BUT... I am not clear: Would this work as a new install on a new build, or do I need to have a previous os installed first?
    If the previous OS is required, does it need to be XP or Vista, or could it be say Win2k? (Or :evil: Linux? :haha:)
    OR Should I just skip the Windows and go Linux?

    My concern on the later is that the system would not be strictly entertainment, but a majority of use will be productivity.
    Not only would I want games to work...
    I am heavily invested in remaining compatible with M$Office (, Excel.xls, Powerpoint.ppt, and to a lesser extent Access).
    I have scanning and image manipulation programs that may or may not port well to windows inside linux... (Like OmnipagePro17), and Dragon Naturally Speaking.
    I am doing more with images all the time, including now videos of various formats.
    I also have a variety of "specialized" programs relating to my Not-For-Profit Employment.
    (To be clear, this is a HOME computer, used solely by me and in order to take work home - it is not a small business computer.)

    Anyway, jumping OS platforms has been a concern for me.
    (Recently tried a dual boot, with attempted help from leeky and others, but was unable to get the Thumb approach to work quickly. Have not yet followed up on their last recommendations for how to approach that issue, but the NOT "quick and easy" has me a bit concerned.)

  17. Leeky

    Leeky TS Evangelist Posts: 3,797   +117


    I'll leave the parts advice to someone else mate, I'd be relying on people here being kind and suggesting too. :)

    From what I understand reading here, it is an upgrade, not full edition - But you can get around that easily by using a quick install of XP or Vista to then use the upgrade version. You are also correct, it is for 3 seperate computers. Its a good price as well! :) I paid the same price per license for my several copies of 7 Ultimate!

    Linux is worth considering, but I honestly feel your going to have issues trying to migrate given the dependancies on MS based software. Sure Openoffice is good, but its like going from Office 2007 back to Office 2003 in the way it works.

    I wouldn't hold hopes of Wine helping you to run all of your software either. The only real way to know for sure is to try it to be honest. Some computers won't boot from flash drives (Captain would be proud of me saying that!), but I would still try it with the live CD.

    If the software you need isn't too resource intensive, you can use software like Virtualbox to run a virtual MS Windows install. Generally speaking it actually runs faster for light tasks as well! Gaming wouldn't be the best idea either, as it wouldn't let you use the full capacity of your GPU when running virtually.

    Sorry I'm not being more positive for you mate, I just think that your situation is a perfect example of someone who relies on Windows, and that maybe Linux (because of your MS software dependancies) isn't the best solution for you - With the exception of dual booting which would give you the best of both worlds.
  18. captaincranky

    captaincranky TechSpot Addict Posts: 12,961   +2,516

    This is something that was very true a while back, bu realy ian't so anymore. The reason is, games are now being written for quad CPUs. During the C2D E8400 era, they weren't, and consequently, the faster clock speed of the Intel prevailed. Today's Intel quads would be a good choice, but as has been stated, they're a tad pricey. Here's a very good Intel quad;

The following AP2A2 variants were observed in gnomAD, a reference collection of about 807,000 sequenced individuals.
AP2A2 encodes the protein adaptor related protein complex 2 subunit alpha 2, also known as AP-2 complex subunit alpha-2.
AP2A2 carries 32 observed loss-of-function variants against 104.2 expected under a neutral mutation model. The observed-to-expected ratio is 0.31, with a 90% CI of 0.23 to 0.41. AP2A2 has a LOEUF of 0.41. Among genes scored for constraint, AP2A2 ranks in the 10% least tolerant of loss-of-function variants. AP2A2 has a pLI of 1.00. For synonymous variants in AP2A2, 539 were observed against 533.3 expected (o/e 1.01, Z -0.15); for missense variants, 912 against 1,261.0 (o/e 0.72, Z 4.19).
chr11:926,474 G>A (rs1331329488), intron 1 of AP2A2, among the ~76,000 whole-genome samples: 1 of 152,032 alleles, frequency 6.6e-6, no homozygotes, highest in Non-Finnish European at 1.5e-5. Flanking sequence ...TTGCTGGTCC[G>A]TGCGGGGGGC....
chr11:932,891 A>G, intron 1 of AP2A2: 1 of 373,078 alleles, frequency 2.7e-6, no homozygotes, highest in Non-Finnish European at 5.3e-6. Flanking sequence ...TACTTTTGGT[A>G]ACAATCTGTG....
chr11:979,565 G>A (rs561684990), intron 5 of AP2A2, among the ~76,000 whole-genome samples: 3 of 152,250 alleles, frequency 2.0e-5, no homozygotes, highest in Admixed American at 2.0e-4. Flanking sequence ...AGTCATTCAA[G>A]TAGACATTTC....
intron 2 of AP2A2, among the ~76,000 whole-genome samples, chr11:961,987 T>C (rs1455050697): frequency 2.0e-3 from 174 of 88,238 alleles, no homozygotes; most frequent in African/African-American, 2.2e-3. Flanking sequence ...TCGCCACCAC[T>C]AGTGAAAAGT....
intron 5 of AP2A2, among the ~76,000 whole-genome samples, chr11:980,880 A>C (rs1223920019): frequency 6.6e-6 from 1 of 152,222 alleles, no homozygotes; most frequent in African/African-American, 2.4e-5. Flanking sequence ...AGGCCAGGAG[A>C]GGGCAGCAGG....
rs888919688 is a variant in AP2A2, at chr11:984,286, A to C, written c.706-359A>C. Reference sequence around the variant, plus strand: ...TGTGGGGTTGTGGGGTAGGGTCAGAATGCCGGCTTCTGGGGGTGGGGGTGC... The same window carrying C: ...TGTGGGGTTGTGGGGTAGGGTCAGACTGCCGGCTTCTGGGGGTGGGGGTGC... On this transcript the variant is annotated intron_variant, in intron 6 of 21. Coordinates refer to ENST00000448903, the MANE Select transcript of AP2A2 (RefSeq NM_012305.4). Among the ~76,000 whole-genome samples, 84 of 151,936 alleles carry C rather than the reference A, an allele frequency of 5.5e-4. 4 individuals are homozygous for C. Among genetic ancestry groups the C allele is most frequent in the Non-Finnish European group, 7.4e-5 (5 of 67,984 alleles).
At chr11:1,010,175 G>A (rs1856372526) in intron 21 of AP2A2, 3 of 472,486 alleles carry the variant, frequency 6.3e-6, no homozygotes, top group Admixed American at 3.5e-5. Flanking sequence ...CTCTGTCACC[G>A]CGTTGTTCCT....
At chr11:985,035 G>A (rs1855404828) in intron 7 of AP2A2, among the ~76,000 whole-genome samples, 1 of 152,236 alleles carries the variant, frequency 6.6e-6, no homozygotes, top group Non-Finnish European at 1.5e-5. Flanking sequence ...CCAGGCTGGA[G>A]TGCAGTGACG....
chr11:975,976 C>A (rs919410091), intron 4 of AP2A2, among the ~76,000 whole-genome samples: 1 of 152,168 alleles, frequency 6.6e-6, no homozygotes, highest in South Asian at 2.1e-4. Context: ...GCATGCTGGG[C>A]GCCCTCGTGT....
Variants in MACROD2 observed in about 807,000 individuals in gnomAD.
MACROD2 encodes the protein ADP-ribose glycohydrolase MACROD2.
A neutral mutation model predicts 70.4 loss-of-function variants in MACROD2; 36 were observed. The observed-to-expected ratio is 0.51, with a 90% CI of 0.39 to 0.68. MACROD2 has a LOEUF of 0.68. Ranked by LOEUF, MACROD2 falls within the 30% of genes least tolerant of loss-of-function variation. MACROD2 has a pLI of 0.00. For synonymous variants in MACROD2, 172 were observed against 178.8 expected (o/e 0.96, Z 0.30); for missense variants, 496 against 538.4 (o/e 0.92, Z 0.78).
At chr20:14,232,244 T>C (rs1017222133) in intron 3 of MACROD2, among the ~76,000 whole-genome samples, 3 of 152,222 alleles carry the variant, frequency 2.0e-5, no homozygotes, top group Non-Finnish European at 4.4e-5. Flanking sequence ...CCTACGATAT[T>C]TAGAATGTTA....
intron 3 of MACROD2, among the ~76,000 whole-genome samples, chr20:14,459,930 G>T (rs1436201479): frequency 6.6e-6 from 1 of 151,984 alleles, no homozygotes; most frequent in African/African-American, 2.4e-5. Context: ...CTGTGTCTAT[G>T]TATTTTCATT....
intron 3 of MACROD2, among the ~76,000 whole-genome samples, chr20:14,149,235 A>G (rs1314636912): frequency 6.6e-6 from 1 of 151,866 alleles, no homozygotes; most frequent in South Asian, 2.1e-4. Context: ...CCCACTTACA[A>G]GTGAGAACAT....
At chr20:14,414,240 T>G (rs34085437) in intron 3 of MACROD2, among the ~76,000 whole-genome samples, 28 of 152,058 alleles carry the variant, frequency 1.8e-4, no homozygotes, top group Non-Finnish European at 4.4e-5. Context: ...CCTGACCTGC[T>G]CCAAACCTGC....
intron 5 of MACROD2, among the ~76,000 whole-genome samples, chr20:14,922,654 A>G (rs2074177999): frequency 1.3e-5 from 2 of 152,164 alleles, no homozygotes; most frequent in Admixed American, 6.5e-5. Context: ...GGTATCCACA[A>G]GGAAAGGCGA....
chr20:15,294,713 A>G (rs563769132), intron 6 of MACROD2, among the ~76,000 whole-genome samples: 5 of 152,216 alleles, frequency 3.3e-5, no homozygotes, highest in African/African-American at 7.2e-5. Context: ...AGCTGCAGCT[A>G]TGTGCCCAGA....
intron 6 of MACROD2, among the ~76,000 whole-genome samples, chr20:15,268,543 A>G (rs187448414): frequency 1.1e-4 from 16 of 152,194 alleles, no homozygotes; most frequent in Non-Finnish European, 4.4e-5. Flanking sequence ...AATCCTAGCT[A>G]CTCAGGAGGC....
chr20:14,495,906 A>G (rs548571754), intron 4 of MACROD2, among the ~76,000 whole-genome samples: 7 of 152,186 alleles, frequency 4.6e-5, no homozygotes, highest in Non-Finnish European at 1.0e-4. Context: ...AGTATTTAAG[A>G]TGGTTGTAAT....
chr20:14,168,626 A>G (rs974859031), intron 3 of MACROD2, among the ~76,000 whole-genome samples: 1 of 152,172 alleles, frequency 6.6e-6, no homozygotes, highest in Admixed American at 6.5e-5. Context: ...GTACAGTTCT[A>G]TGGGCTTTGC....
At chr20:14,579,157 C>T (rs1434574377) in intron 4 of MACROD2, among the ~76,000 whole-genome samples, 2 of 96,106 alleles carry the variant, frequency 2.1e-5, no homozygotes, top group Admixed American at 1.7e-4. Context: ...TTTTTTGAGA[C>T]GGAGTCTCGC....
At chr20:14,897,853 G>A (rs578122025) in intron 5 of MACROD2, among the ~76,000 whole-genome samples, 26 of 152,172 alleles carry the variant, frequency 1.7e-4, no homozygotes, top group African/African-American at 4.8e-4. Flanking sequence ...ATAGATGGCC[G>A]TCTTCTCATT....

And an Intel quad with hyperthreading (8 effective cores)

    Yeah well, cases that cool well enough for heavy gaming, have a lot of fans, fans are loud, you see where this is going don't you? I'm jus' sayin'.
  19. B00kWyrm

    B00kWyrm TechSpot Paladin Posts: 1,436   +37

    thanks Leeky... confirmed what I was concluding.
    The US M$-$tore says essentially the same - XPSP3 or VistaSP1 required.
    (Family pack =$150 US ... can get a router or drive with it too - good deal for upgrades).
    I just didn't know if something was possible that was not listed.

    As for versions of Office...
    While I still like the "look and feel" of earlier incarnations (I have 2003 at home, 2007 at work).
    My real concern is compatibility of product.

    Your comments about running windows programs inside of linux are also helpful.
    I appreciate it.
  20. Leeky

    Leeky TS Evangelist Posts: 3,797   +117

    No worries B00kWym. :)

    Openoffice will be compatible with all Office file versions. I regularly switch between the two (Openoffice and Word 2007) for assignments when working on them dependant on whether I'm using the Pc or laptop. It has absolutely no issues whatsoever, but....

    Openoffice can in my experiences be quirky with default fonts and layout > I solved that issue by just adding the new MS fonts as used in Vista, 7 and Office 2007/10. Besides, I love the Calibri font, and use it for all my publishing applications in Linux. In case your wondering, I just copied all the fonts from my W7 fonts directory to my Linux .fonts directory (well the ones that weren't in linux). Once I'd changed the default fonts to the same as MS Word (and other office apps) everything was cool. :)
  21. captaincranky

    captaincranky TechSpot Addict Posts: 12,961   +2,516

    How exactly was it, that a discussion about a gaming rig, descended into a discussion about Linux as the OS?
  22. Leeky

    Leeky TS Evangelist Posts: 3,797   +117

    You feeling left out? :haha:

    True told, i was just being polite and answering B00kwym's questions.
  23. captaincranky

    captaincranky TechSpot Addict Posts: 12,961   +2,516

    Yeah, I'm suffering "acute esoterica overdose"...:rolleyes:
  24. Leeky

    Leeky TS Evangelist Posts: 3,797   +117

    You dont need to worry until you turn as light as this comments box.... :haha:
  25. captaincranky

    captaincranky TechSpot Addict Posts: 12,961   +2,516